The Bahá'í Temple in Delhi is one of the most visited buildings in the world, attracting over 50 million people since it opened in 1986. Also known as the Lotus Temple for its distinct half-open lotus design, the belief behind the Bahá'í house of worship is that it should be open for all, regardless of denomination. There are however certain rules: no sermons can be delivered, no ritualistic ceremonies and no musical instruments can be played. There are also no religious images displayed.
Bahá'í temples must all be a nine-sided circular shape as set out in their scriptures, hence the solution of a lotus shape. Bahá'í is an independent religion founded around 1844. Their belief is in a mystic feeling with unites man with God and they do not dictate how that be done, hence their openness to other forms of worship within their temples.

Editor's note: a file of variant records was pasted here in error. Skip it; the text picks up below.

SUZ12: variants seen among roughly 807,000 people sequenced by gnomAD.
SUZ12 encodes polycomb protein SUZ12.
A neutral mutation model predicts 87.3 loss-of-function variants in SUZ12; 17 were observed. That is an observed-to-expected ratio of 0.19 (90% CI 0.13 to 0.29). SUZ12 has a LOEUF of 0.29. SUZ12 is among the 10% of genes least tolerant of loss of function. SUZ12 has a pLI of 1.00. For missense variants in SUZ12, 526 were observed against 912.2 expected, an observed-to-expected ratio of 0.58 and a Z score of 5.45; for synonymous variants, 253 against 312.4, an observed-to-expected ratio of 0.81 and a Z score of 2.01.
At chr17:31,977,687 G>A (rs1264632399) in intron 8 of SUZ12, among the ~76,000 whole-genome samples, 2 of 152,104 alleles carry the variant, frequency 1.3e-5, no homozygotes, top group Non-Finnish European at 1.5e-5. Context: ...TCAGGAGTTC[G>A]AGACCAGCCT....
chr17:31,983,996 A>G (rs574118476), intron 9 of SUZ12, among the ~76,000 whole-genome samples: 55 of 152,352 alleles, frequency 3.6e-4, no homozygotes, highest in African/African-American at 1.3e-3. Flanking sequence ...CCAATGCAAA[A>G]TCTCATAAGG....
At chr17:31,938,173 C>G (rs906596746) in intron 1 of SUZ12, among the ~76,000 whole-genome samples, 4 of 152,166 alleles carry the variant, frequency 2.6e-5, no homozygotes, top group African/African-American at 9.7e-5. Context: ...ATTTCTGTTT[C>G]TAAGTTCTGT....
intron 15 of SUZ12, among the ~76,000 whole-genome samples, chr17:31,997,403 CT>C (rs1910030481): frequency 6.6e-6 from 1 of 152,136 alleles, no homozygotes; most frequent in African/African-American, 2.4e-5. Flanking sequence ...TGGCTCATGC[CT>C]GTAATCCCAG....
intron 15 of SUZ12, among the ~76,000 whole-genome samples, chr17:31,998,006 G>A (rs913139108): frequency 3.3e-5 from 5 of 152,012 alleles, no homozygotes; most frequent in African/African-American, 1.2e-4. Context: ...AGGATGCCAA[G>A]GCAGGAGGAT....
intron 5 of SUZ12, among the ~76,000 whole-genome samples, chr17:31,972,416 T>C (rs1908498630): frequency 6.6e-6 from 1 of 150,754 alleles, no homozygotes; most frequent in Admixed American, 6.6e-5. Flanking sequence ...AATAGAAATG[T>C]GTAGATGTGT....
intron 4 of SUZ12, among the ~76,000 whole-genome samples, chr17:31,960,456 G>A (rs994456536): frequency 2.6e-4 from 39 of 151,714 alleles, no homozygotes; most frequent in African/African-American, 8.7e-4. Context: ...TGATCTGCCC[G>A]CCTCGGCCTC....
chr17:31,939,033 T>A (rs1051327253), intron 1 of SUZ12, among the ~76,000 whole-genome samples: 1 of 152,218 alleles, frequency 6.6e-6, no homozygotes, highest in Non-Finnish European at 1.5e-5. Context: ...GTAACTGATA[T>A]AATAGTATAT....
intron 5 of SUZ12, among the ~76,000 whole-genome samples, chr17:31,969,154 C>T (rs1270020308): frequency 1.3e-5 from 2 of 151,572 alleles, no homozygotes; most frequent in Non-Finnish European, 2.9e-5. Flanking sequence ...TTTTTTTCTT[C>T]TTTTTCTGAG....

The Lotus Temple was designed by Fariborz Sahba, and has won many awards. It was designed in 1976, opened in 1986, and largely built with moneys left by Ardishír Rustampúr of Hyderabad who, in 1953, bequeathed his life savings to the church to build a temple. The temple is made of white marble from Greece and sits on 26 acres (10.5 hectares) of land, which has nine ponds and extensive gardens.